“Pokfulam is like an oasis in the desert, and there is nothing else like it on Hong Kong Island.”
By Grace Tsoi
Hong Long Asia Cities
Feb 21, 2013
The death of agriculture in Hong Kong is an unquestionable fact. It is hard to believe that farming is still a regular activity in Pokfulam Village—a place that is so close to the urban heart of our city.
While a few households are still tilling the soil in Pokfulam Village, Chan Kwan-tin’s farm is the most eye-catching of them all. There is a large patch of green in front of his little house where he grows a dozen varieties of vegetables, ranging from turnips to watercress. This is Chan’s proudest project; he single-handedly transformed the barren land into a flourishing farm. He carefully carved the fields into rows and planted different vegetables in each area. Across the fields he has hung some colorful, fluffy dolls to keep the birds at bay. Chan’s farm is comprised of two parts that are connected by concrete paths and stone steps. Chan built them all by himself, and the stone stairs are a special point of pride.
February 23, 2013 Comments Off on Chan Kwan-tin’s farm in Pokfulam Village, Hong Kong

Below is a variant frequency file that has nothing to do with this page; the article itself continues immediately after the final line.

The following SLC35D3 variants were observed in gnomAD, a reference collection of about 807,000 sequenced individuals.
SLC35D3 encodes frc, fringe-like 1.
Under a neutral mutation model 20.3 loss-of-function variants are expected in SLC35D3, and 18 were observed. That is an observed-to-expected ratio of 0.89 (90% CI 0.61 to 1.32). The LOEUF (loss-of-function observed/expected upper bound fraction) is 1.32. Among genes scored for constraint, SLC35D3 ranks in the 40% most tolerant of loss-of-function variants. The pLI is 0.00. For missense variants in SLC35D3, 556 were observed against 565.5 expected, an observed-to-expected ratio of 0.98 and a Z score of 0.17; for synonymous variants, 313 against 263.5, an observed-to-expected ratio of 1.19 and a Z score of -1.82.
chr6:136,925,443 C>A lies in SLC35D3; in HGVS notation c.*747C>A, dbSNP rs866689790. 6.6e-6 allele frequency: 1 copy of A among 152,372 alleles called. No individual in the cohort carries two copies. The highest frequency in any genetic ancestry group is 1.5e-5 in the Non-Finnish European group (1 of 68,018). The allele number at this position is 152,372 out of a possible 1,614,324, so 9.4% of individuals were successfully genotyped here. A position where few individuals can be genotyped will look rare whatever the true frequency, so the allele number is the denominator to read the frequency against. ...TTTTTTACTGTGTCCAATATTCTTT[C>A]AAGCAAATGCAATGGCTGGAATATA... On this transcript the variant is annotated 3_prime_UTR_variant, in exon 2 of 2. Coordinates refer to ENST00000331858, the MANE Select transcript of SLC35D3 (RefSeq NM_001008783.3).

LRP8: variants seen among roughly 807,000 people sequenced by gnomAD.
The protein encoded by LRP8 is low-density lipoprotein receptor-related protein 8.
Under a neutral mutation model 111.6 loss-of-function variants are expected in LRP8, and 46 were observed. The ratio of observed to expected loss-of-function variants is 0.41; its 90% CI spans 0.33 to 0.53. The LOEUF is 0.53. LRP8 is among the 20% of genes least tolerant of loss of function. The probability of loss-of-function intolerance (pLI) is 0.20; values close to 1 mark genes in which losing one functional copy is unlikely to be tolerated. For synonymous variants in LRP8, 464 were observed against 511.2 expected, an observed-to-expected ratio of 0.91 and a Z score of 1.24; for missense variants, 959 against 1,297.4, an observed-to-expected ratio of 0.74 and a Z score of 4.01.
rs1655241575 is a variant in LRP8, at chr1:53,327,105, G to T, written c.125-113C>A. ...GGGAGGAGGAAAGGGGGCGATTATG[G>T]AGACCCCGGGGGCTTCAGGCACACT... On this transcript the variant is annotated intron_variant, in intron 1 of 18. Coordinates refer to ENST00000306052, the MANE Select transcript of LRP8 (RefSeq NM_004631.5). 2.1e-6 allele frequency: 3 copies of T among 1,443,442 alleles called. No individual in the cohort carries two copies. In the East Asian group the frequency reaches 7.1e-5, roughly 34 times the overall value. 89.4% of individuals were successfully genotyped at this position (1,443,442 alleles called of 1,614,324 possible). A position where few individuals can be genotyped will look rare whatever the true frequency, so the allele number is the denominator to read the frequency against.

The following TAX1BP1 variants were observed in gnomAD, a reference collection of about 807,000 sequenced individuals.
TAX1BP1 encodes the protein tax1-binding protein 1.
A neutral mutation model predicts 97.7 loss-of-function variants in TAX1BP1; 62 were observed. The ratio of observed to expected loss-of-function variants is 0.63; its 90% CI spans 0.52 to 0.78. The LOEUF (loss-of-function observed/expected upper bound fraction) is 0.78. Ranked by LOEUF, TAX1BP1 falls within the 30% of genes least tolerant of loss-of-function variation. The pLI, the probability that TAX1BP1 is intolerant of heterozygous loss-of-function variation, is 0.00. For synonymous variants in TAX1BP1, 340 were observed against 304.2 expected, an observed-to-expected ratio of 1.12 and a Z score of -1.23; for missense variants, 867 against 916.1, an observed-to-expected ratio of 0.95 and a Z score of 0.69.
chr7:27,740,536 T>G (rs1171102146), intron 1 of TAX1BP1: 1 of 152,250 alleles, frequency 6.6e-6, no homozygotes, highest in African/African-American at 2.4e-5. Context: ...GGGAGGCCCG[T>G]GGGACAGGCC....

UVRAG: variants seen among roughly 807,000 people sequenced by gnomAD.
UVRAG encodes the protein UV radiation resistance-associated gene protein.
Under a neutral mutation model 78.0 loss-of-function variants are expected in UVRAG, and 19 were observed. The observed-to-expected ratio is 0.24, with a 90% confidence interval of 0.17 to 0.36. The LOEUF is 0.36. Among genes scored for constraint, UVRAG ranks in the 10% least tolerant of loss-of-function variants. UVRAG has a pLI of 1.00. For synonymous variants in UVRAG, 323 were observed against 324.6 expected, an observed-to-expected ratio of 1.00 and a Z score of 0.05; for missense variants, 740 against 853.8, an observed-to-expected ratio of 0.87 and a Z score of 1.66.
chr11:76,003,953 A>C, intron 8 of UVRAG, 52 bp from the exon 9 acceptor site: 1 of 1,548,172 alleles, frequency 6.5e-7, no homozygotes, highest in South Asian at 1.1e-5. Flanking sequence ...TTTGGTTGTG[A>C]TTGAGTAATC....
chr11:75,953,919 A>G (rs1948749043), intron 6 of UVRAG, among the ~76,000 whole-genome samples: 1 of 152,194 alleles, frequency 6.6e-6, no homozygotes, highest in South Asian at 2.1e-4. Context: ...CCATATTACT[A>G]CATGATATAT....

Book forthcoming April 2013
Edited by Francesca Miazzo, Mark Minkjan
The Farming the City project began in November 2010 as an initiative of the Amsterdam-based organization CITIES, bringing city dwellers and urban farmers together to explore inspirational ways of producing, storing, cooking, preserving, distributing and sharing food. Since then, it has fostered urban farming projects all over the world, to great acclaim, and with considerable press coverage. Farming the City: Food as a Tool for Today’s Urbanization looks at this booming global phenomenon, considering in detail 30 projects, from City Growers’ transformation of empty spaces in Boston to Eagle Street Rooftop Farm in New York and FarmScape in Los Angeles; from the People’s Supermarket in London to cultivating the interiors of shipping containers in Rotterdam.
February 23, 2013 Comments Off on Farming the City: Food as a Tool for Today’s Urbanization